Lincoln City city councilors have two issues coming together that might speed up Lincoln City joining Lincoln County’s consolidated 9-1-1 dispatch service, operated out of Salem.
First, by joining Willamette Valley Communications Center (WVCC), it could save Lincoln City up to $300,000 a year in dispatch costs, while at the same time being served by one of the most up to date high-tech dispatch operations in the state.
Secondly, the city is planning to replace its aging police station off East Devils Lake Road. Already in preliminary design, they’d like to know whether they’re going to have to continue making space for a 9-1-1 dispatch center, and if so, how much space?
Police Chief Steven Bachard told the council that WVCC is interested in having a standby 9-1-1 center on the coast that can serve Lincoln County in the event of a big earthquake, major winter storm or summer fire that might isolate both ends of the 9-1-1 system. WVCC said the back-up 9-1-1 center could be located anywhere along the paths of several fiber optic lines connecting the coast with the valley, and he’d like to have Lincoln City operate that back-up dispatch center from inside his new police building.
Bachard said that Lincoln County now has two fiber optic lines connecting the coast to the valley – one from Lincoln City along Highway 18 to Sheridan, another east on Highway 20 from Newport to Corvallis. Lincoln City and Newport were also recently connected by a fiber optic line running up and down Highway 101 between Lincoln City and Newport. Bachard said there are also radio microwave upgrades being installed that link the coast to the valley.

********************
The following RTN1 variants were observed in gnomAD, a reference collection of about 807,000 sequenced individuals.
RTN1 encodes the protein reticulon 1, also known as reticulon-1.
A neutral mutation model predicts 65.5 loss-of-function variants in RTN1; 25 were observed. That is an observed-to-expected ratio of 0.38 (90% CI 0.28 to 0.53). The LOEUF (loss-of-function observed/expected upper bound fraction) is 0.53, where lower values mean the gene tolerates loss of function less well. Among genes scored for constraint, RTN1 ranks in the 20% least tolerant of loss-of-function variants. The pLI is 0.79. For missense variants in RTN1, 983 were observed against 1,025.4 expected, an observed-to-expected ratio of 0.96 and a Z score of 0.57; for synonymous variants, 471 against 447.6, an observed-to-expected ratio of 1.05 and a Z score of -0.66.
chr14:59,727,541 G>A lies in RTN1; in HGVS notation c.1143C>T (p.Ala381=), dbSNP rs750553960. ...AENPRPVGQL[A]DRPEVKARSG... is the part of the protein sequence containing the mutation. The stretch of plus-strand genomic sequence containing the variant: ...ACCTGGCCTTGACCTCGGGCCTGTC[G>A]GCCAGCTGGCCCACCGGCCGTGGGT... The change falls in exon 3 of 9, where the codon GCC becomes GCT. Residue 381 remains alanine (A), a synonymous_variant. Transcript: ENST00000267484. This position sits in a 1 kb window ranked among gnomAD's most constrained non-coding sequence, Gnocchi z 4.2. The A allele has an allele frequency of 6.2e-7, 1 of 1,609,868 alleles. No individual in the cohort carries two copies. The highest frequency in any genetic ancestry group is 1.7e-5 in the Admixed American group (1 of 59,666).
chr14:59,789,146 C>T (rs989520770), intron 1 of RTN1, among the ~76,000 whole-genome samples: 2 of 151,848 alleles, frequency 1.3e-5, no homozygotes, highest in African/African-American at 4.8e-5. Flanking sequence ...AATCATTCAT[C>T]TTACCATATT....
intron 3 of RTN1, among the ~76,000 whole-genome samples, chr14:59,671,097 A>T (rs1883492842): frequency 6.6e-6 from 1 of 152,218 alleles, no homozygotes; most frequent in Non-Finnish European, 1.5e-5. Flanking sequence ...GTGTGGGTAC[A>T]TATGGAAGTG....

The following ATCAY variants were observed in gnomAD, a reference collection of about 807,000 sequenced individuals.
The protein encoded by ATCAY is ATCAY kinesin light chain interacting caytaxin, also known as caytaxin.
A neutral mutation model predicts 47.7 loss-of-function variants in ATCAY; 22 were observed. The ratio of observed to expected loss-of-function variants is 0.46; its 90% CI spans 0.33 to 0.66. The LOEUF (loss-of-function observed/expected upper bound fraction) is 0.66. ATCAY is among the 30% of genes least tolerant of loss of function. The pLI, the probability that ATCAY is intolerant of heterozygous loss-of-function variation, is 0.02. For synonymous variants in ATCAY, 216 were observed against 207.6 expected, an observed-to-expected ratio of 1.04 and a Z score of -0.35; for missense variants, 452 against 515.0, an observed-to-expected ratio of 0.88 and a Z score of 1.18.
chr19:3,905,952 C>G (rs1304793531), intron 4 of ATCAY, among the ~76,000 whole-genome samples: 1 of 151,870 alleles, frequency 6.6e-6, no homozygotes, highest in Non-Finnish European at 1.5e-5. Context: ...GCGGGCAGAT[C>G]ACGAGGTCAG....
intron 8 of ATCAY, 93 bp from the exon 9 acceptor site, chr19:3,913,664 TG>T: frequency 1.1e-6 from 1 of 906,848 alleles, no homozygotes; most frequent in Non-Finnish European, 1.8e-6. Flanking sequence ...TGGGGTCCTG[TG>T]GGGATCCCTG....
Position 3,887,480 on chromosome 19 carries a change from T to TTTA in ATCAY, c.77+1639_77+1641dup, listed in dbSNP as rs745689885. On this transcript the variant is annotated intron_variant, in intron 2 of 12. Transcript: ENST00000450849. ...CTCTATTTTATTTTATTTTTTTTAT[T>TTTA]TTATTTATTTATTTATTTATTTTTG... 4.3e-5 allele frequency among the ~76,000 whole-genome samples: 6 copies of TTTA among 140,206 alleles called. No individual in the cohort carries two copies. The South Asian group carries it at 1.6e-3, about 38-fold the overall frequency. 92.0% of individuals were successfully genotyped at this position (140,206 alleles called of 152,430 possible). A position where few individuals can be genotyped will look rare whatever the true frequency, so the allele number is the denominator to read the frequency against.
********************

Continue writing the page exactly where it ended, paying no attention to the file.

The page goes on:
Bechard and City Manager David Hawker told the council that if Lincoln City could convince WVCC to pick them as their “coast backup center,” they could include the 9-1-1 facility within the new police headquarters building and maybe get a discount for 9-1-1 services from WVCC.
But there is also another element in all this. Toledo has also expressed an interest in becoming a back up 9-1-1 center in the event of a disaster. And with fiber linking Highway 20 to Lincoln City it might be possible, according to Bechard. However, Toledo has expressed no interest in joining with the WVCC consolidation trend to date.
At any rate, the council gave staff permission to pursue further negotiations with WVCC to see what the final costs might be to join the rest of the county served by WVCC. Theoretically it could lower the cost for those other Lincoln County emergency agencies that recently signed up for WVCC dispatch services, since the membership base would be expanded.
Financing the rest of the new Lincoln City police station was covered, but figures were very tentative and methods to pay for it too vague to hold anyone to any firm numbers. But it’s safe to say that the new police station, to be built near the old one, will be a multi-million dollar endeavor.